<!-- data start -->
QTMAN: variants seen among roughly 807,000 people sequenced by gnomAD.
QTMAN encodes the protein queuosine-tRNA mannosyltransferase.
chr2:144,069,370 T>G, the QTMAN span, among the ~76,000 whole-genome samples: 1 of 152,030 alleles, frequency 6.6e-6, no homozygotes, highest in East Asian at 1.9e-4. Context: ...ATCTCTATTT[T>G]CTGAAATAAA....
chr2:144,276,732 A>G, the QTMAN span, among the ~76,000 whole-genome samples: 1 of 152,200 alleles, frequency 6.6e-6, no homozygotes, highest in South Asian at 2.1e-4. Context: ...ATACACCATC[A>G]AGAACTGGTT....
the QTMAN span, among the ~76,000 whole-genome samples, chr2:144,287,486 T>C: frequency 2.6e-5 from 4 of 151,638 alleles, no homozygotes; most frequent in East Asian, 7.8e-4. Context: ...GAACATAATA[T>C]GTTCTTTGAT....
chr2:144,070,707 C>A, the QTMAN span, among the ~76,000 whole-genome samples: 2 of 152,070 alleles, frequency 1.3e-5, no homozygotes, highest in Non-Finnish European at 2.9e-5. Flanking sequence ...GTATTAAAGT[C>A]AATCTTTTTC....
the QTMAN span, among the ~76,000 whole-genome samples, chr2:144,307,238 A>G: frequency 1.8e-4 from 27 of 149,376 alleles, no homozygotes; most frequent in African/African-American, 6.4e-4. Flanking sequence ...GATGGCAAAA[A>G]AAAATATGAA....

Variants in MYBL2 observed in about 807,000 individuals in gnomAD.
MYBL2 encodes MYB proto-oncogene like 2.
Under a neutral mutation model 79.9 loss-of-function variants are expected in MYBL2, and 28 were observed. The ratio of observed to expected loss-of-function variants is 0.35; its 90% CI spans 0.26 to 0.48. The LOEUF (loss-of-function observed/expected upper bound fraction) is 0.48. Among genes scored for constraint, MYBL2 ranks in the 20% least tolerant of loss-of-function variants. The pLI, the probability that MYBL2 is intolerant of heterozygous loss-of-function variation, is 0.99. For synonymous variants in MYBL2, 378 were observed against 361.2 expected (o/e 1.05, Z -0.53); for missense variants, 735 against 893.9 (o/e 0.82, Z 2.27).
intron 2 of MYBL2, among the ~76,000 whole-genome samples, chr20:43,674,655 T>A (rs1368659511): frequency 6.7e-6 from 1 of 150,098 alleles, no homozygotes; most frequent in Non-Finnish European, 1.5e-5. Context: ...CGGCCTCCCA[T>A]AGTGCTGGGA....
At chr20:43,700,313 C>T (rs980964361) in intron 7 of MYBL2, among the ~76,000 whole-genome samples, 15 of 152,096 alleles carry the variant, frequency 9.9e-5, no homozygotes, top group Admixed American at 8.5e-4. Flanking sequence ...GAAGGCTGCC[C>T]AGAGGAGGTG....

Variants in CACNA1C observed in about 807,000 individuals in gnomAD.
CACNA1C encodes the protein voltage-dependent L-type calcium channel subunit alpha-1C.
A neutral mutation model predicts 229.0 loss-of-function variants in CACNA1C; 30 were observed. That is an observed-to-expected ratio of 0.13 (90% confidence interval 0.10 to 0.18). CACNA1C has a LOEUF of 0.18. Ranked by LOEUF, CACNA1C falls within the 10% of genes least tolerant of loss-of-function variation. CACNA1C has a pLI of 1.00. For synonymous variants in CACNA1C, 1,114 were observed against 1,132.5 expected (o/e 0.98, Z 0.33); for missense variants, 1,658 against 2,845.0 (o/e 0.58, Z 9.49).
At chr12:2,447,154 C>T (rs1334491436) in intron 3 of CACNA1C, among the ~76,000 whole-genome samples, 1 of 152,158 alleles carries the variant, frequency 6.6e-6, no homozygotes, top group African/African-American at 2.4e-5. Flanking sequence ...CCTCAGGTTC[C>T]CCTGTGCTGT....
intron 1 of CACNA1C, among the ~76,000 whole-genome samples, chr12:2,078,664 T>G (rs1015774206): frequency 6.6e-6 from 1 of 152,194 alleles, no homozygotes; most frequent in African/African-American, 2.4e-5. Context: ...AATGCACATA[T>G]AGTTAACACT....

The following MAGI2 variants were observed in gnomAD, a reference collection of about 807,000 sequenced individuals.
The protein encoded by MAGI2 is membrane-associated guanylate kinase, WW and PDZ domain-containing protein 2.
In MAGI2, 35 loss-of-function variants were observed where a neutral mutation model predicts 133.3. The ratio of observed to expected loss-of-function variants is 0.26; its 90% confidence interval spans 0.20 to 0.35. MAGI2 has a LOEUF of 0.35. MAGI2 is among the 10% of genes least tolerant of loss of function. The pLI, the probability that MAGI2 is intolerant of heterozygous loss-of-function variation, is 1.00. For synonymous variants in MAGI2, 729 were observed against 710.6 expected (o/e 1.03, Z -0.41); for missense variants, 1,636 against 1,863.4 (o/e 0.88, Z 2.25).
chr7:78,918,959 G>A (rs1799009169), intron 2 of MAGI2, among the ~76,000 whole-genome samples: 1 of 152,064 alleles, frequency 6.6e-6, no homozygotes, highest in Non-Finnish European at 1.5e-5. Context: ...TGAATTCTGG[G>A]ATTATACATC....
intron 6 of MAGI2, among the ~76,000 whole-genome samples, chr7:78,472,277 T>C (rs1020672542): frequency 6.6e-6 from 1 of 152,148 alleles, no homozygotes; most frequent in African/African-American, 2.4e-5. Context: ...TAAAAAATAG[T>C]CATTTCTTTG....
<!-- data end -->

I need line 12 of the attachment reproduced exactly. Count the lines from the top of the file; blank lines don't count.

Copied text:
At chr20:43,700,313 C>T (rs980964361) in intron 7 of MYBL2, among the ~76,000 whole-genome samples, 15 of 152,096 alleles carry the variant, frequency 9.9e-5, no homozygotes, top group Admixed American at 8.5e-4. Flanking sequence ...GAAGGCTGCC[C>T]AGAGGAGGTG....